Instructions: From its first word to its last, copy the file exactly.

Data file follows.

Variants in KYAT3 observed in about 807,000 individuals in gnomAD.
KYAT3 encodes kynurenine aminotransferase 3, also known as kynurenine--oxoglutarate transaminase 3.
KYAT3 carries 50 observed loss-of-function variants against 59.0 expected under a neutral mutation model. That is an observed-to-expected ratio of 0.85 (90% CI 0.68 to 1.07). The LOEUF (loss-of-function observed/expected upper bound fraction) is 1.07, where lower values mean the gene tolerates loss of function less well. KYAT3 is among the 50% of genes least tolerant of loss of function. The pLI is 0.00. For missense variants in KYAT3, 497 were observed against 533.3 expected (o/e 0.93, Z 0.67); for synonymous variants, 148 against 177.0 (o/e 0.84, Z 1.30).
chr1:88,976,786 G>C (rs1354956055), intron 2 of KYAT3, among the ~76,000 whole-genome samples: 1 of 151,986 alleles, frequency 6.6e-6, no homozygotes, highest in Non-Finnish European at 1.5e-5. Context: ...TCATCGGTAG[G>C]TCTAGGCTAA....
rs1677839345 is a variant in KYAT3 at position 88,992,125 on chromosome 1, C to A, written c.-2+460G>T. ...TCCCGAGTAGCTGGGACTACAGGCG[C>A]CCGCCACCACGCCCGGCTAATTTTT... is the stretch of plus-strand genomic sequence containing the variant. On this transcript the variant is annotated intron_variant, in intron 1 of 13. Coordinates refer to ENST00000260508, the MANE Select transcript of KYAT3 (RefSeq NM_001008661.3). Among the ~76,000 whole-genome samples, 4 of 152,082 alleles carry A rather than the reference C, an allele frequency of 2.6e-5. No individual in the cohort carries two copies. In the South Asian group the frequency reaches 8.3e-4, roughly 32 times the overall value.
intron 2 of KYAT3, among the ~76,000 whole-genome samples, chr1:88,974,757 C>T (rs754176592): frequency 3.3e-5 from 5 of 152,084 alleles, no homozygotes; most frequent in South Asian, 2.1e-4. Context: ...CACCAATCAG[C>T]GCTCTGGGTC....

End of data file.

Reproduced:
Variants in KYAT3 observed in about 807,000 individuals in gnomAD.
KYAT3 encodes kynurenine aminotransferase 3, also known as kynurenine--oxoglutarate transaminase 3.
KYAT3 carries 50 observed loss-of-function variants against 59.0 expected under a neutral mutation model. That is an observed-to-expected ratio of 0.85 (90% CI 0.68 to 1.07). The LOEUF (loss-of-function observed/expected upper bound fraction) is 1.07, where lower values mean the gene tolerates loss of function less well. KYAT3 is among the 50% of genes least tolerant of loss of function. The pLI is 0.00. For missense variants in KYAT3, 497 were observed against 533.3 expected (o/e 0.93, Z 0.67); for synonymous variants, 148 against 177.0 (o/e 0.84, Z 1.30).
chr1:88,976,786 G>C (rs1354956055), intron 2 of KYAT3, among the ~76,000 whole-genome samples: 1 of 151,986 alleles, frequency 6.6e-6, no homozygotes, highest in Non-Finnish European at 1.5e-5. Context: ...TCATCGGTAG[G>C]TCTAGGCTAA....
rs1677839345 is a variant in KYAT3 at position 88,992,125 on chromosome 1, C to A, written c.-2+460G>T. ...TCCCGAGTAGCTGGGACTACAGGCG[C>A]CCGCCACCACGCCCGGCTAATTTTT... is the stretch of plus-strand genomic sequence containing the variant. On this transcript the variant is annotated intron_variant, in intron 1 of 13. Coordinates refer to ENST00000260508, the MANE Select transcript of KYAT3 (RefSeq NM_001008661.3). Among the ~76,000 whole-genome samples, 4 of 152,082 alleles carry A rather than the reference C, an allele frequency of 2.6e-5. No individual in the cohort carries two copies. In the South Asian group the frequency reaches 8.3e-4, roughly 32 times the overall value.
intron 2 of KYAT3, among the ~76,000 whole-genome samples, chr1:88,974,757 C>T (rs754176592): frequency 3.3e-5 from 5 of 152,084 alleles, no homozygotes; most frequent in South Asian, 2.1e-4. Context: ...CACCAATCAG[C>T]GCTCTGGGTC....